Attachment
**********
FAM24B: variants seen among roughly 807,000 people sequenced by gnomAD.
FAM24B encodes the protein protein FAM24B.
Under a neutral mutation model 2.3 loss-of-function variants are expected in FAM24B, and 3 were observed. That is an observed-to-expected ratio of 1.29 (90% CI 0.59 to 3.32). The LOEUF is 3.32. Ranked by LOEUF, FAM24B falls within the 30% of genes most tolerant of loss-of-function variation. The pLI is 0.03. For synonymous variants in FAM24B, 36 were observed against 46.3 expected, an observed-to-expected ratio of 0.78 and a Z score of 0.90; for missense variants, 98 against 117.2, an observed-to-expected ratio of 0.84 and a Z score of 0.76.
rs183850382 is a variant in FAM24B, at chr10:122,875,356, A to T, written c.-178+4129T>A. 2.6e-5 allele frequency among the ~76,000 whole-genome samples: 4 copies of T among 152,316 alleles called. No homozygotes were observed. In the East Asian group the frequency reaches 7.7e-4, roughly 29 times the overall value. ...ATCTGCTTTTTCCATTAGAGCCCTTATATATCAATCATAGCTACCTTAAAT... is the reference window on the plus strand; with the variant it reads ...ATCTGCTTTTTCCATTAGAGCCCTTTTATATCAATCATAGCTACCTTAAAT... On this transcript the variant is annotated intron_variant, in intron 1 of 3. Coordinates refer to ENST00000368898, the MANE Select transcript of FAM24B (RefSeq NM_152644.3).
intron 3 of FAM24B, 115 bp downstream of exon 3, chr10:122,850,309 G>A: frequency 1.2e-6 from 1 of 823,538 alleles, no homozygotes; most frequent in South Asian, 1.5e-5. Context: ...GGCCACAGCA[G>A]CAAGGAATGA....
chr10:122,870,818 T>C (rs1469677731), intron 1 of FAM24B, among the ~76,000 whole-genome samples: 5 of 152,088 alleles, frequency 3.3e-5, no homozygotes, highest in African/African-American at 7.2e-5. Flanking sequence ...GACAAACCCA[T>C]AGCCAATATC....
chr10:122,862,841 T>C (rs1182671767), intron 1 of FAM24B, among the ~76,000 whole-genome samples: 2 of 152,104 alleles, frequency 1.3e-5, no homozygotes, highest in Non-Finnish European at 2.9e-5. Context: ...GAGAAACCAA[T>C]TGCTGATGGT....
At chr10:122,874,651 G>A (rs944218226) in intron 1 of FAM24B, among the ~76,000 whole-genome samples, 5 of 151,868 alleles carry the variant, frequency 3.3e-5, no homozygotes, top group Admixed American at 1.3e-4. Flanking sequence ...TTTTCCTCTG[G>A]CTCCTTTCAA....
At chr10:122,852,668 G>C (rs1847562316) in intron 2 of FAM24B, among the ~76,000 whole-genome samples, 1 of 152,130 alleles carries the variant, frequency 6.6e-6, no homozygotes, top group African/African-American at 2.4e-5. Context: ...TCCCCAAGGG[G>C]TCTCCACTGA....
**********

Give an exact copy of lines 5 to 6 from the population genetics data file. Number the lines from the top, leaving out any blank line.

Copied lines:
intron 3 of FAM24B, 115 bp downstream of exon 3, chr10:122,850,309 G>A: frequency 1.2e-6 from 1 of 823,538 alleles, no homozygotes; most frequent in South Asian, 1.5e-5. Context: ...GGCCACAGCA[G>A]CAAGGAATGA....
chr10:122,870,818 T>C (rs1469677731), intron 1 of FAM24B, among the ~76,000 whole-genome samples: 5 of 152,088 alleles, frequency 3.3e-5, no homozygotes, highest in African/African-American at 7.2e-5. Flanking sequence ...GACAAACCCA[T>C]AGCCAATATC....